Specials to CNN on Immigration Reform

Tamar Jacoby, “Key to immigration reform: Worker visas”

After more than 10 years of on-and-off debate in Washington, the most important piece of the puzzle is still rarely discussed and poorly understood. Immigration reform must include worker visas for less-skilled foreigners who want to come to work legally in the United States.

John Feinblatt, “U.S. needs 21st century immigration plan”

We need a system that makes it easy for entrepreneurs, scientists, farm workers, engineers, hotel workers, business travelers and all the workers our economy needs to easily come here and help our companies compete.

Bill Richardson, “Stars align at last for immigration plan”

A comprehensive plan should create a path to earned citizenship, enforceable border security, a realistic guest worker plan, accountability for employers that hire illegal immigrants and passage of the DREAM Act.


Event Video Available: The Decisive Vote?

View our video from our most recent conference on The Decisive Vote? Featuring: Alfonso Aguilar, Rodolfo Espino, Stephen Dinan, Tamar Jacoby, Dan Restrepo, Roberto Suro and exclusive interviews with several panelists.

Could Farms Survive Without Illegal Labor?

The New York Times, Room for Debate, 8/17/11

In Room for Debate, The Times invites knowledgeable outside contributors to discuss news events and other timely issues.

This week Benjamin Shute of Hearty Roots Community FarmLisa García Bedolla of Center for Latino Policy ResearchPhilip Martin, an economist at UC Davis, Tamar Jacoby of ImmigrationWorks USAMichael J. Roberts, an economist at North Carolina State University and Karina Gallardo, an economist at Washington State University present their various views on the topic: “Could Farms Survive Without Illegal Labor?”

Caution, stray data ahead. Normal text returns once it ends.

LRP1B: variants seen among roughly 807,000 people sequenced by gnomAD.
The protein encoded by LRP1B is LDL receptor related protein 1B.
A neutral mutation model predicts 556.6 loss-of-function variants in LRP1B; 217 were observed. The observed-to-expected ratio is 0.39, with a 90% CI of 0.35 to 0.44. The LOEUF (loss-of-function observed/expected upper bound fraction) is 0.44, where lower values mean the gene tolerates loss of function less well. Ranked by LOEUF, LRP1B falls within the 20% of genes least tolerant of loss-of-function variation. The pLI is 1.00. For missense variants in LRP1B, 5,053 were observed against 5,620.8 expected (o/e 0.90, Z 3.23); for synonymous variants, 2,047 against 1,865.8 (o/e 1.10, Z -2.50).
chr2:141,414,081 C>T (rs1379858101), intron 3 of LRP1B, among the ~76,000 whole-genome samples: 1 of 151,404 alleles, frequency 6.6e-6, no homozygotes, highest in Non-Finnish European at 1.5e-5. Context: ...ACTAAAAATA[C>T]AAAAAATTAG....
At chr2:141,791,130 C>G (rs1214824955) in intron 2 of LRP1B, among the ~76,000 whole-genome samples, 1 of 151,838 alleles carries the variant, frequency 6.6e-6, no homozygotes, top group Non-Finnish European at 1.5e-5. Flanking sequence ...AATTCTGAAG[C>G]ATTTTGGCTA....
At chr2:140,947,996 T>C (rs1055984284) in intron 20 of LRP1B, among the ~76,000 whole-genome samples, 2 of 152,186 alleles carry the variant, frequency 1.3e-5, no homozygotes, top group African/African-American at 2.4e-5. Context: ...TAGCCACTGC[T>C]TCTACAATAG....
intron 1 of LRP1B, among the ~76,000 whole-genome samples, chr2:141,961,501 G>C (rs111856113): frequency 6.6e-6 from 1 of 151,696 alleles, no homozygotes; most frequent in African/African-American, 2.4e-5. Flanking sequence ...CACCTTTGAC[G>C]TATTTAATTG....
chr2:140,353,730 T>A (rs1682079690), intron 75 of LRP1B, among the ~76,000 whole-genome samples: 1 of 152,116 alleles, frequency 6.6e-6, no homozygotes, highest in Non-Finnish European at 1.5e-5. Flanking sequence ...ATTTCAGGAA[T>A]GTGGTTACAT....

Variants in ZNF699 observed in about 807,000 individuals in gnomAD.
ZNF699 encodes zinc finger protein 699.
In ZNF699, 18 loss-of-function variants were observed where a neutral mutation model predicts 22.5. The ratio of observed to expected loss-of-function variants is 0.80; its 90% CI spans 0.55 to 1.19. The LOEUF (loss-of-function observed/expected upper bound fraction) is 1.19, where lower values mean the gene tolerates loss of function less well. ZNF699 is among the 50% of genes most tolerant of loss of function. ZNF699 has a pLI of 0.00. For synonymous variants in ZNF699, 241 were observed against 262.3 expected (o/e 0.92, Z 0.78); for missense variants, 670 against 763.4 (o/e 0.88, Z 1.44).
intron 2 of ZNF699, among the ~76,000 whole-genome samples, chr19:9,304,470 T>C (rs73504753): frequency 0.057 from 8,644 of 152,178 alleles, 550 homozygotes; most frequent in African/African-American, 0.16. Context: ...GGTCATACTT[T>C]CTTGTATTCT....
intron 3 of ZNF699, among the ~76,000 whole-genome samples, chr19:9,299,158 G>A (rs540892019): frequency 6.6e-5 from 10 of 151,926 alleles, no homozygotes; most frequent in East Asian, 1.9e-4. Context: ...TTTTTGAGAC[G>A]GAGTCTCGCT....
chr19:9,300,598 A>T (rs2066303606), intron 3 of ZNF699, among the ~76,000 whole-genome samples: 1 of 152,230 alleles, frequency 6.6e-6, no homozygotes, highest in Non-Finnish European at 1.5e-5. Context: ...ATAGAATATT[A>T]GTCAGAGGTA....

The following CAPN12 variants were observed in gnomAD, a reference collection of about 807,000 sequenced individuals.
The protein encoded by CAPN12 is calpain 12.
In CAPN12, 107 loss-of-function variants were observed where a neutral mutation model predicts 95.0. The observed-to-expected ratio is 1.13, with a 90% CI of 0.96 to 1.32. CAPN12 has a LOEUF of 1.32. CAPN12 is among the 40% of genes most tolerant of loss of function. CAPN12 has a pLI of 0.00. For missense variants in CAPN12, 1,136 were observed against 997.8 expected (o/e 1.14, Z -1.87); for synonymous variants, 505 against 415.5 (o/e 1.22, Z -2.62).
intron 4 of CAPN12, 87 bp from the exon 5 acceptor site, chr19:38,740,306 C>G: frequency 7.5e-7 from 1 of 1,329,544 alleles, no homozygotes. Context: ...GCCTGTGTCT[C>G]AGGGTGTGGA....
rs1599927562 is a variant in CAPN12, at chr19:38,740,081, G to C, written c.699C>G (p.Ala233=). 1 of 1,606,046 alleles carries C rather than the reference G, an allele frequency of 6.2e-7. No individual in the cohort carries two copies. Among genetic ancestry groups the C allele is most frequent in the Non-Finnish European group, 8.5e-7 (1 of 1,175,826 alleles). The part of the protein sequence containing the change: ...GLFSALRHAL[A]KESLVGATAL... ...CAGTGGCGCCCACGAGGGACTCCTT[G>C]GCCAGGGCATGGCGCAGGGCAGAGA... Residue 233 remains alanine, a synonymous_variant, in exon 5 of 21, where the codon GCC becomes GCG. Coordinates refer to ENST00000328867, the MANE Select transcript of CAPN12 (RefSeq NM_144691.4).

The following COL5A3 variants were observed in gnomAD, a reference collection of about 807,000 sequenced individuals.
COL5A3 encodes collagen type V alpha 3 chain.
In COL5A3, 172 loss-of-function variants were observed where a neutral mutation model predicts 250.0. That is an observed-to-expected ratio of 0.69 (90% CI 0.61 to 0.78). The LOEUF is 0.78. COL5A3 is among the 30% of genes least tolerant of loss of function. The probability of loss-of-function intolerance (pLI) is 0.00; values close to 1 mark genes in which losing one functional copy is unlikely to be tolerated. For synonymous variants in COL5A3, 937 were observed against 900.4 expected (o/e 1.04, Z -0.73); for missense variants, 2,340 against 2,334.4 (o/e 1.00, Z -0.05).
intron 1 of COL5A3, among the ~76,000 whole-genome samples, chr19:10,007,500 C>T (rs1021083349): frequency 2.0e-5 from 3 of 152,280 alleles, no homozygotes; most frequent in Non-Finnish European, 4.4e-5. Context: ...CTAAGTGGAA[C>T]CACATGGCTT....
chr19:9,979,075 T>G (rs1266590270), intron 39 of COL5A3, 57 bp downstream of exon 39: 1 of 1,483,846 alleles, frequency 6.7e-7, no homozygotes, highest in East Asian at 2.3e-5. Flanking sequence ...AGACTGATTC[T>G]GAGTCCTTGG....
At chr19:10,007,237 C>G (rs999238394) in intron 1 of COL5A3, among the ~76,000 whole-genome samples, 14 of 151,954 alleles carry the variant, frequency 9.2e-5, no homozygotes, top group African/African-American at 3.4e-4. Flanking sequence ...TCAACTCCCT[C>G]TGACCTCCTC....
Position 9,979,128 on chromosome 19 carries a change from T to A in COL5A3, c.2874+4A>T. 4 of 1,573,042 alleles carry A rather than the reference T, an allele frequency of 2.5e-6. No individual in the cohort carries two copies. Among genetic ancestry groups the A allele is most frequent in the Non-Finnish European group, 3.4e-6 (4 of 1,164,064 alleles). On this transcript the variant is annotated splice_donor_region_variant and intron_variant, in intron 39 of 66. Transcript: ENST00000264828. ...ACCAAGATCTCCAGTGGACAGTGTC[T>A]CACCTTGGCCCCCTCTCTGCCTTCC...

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Editorial: New heartland voices on immigration

Tamar Jacoby, Dallas Morning News, 3/18/2010

Advocates are traveling in from around the country. Momentum is building. The crowd that gathers on the mall in Washington on Sunday calling on Congress to pass immigration reform will include immigrants and native-born Latinos, union activists and faith groups. They’ll use the language of the civil rights movement. They’ll appeal to America’s ideals. And it should be a powerful, persuasive message, particularly for Democrats in Congress.

But let’s not forget, to pass immigration reform, we also needRepublican lawmakers. And those on the Mall aren’t the only voices calling for reform; theirs aren’t the only reasons why it’s essential for America.

In the years since Congress last considered an overhaul – since the bitter failures of 2006 and 2007 – a new type of immigration advocate has emerged: small-business owners.

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